Wednesday, May 11, 2011

Labor Fallacies

In micro, if supply increases and demand remains unchanged, then it leads to lower equilibrium price and higher quantity. Applied to labor it would say increased labor supply lowers wages, or would if it did not also increase demand. The question then is how much does it increase demand. In the infinitesimal limit supply and demand are simply additive and should have no effect on wages. This fails to be a good approximation at large scales however.

Increased labor supply lowers returns for productivity enhancing capital investment and human capital investment, and raises returns for resource producing or saving capital investment, or more simply, lowers the return to labor and raises the return to capital. In doing so, it will lower the growth of the labor supply and increase the growth of capital but this takes time. Increased labor supply increases output but diminishes the growth in output per capita as specialization is overrun by diminishing returns. Now larger markets afford greater specialization and specialization increases growth in output per capita, but specialization is more about technology than population even if population is the source of that technology. The path to growth of output per capita is better sought through technology than population.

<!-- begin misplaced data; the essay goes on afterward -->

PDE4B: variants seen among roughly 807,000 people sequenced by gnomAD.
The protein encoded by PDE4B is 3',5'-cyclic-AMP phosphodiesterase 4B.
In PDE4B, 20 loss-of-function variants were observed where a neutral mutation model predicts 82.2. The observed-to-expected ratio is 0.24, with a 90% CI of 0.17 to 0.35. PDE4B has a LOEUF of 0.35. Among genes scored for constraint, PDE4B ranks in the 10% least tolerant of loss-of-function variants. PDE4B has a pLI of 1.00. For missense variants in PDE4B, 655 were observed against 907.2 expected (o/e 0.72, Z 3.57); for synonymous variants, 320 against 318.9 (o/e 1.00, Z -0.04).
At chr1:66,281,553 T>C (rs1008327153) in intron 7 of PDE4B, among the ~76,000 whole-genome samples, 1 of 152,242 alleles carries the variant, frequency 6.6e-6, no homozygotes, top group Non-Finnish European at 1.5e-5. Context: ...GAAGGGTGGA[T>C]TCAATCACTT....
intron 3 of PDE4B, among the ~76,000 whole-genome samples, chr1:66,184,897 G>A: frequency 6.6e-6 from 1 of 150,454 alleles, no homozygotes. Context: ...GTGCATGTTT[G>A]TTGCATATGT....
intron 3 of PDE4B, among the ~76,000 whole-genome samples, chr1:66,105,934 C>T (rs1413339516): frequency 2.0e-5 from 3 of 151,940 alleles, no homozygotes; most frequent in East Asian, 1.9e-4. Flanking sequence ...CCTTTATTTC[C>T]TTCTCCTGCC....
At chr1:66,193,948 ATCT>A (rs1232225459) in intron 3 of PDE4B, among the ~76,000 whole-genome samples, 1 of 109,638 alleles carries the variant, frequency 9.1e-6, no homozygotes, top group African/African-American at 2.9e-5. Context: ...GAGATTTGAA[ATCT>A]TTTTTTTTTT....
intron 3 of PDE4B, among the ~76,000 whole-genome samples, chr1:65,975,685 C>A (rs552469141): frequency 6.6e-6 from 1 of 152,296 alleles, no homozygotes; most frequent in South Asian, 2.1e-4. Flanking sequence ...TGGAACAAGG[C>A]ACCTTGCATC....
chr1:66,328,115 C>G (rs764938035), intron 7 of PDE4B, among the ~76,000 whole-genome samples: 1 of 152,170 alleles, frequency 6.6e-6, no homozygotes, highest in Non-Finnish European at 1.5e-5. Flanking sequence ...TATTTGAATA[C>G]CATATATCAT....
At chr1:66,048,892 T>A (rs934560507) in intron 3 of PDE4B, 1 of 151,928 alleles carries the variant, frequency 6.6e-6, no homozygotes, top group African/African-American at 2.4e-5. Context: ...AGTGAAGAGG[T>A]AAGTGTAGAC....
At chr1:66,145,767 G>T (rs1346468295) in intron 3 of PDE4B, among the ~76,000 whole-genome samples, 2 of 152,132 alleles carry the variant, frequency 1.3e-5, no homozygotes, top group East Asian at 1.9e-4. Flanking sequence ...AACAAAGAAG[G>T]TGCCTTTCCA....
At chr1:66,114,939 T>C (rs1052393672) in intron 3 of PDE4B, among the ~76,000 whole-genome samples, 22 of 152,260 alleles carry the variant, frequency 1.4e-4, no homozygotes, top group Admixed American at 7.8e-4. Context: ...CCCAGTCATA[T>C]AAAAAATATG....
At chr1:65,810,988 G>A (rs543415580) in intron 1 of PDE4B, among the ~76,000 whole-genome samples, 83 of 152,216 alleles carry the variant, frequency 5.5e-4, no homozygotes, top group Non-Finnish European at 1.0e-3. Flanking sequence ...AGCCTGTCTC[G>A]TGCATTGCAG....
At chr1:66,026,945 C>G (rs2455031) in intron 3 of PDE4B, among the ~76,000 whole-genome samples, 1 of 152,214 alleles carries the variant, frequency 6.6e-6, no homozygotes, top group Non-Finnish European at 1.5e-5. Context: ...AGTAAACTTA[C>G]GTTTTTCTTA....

Thursday, March 3, 2011

Depressions causes

Sticky prices and wages? Money? Necessary but not sufficient. Prices and wages are sticky and this causes adjustment problems during depressions, so lowering them will help, right? Yes and no. It helps to lower their real costs, not their nominal costs. Lowering their nominal costs can even make things worse as it boosts deflationary expectations and increase debt deflation. Nor would the result be equilibrium if they were perfectly flexible, but wild swings between self fulfilling deepest despair and exuberant euphoria. Sticky prices dampen reactions to fluctuations. A monetary depression can't occur without money but not many would wish to ban it to prevent them.